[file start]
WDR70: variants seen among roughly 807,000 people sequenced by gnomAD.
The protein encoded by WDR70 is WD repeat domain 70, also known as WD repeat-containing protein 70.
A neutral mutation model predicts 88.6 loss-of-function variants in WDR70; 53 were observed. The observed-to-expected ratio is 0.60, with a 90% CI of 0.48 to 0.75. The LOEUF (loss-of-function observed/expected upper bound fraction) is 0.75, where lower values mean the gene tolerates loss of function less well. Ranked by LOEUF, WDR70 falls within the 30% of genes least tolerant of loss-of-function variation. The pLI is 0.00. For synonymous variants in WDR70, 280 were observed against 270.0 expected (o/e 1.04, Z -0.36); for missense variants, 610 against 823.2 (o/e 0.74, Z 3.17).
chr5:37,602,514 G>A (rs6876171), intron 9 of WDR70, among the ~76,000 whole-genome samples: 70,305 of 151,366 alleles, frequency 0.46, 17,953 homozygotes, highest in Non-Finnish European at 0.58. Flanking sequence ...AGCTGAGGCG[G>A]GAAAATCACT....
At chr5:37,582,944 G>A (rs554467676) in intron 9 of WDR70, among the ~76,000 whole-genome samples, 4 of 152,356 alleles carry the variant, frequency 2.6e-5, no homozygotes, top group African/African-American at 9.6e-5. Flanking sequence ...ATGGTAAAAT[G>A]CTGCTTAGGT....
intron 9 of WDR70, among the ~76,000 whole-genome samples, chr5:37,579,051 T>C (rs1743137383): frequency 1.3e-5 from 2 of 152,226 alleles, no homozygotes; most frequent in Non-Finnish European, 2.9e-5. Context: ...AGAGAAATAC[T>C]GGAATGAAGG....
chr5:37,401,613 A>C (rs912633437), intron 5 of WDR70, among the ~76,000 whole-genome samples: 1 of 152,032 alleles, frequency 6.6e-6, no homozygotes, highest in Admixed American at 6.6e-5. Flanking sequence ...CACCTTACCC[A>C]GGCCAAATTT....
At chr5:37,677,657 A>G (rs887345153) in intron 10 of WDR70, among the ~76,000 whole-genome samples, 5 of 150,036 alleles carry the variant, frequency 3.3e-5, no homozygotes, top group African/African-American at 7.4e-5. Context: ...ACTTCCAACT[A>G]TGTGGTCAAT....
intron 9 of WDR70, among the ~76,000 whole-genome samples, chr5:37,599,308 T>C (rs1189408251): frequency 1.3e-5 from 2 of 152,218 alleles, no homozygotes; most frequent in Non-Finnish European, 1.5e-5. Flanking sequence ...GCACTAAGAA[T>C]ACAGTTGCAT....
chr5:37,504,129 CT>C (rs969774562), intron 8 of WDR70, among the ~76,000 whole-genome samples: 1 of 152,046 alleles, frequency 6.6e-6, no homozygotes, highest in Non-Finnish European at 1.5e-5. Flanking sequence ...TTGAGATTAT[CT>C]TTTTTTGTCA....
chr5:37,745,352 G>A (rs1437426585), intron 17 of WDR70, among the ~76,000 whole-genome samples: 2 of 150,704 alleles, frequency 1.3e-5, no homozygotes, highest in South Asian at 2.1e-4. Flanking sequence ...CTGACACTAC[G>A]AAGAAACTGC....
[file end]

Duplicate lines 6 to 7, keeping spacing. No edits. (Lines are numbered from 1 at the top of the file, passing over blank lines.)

intron 9 of WDR70, among the ~76,000 whole-genome samples, chr5:37,579,051 T>C (rs1743137383): frequency 1.3e-5 from 2 of 152,226 alleles, no homozygotes; most frequent in Non-Finnish European, 2.9e-5. Context: ...AGAGAAATAC[T>C]GGAATGAAGG....
chr5:37,401,613 A>C (rs912633437), intron 5 of WDR70, among the ~76,000 whole-genome samples: 1 of 152,032 alleles, frequency 6.6e-6, no homozygotes, highest in Admixed American at 6.6e-5. Flanking sequence ...CACCTTACCC[A>C]GGCCAAATTT....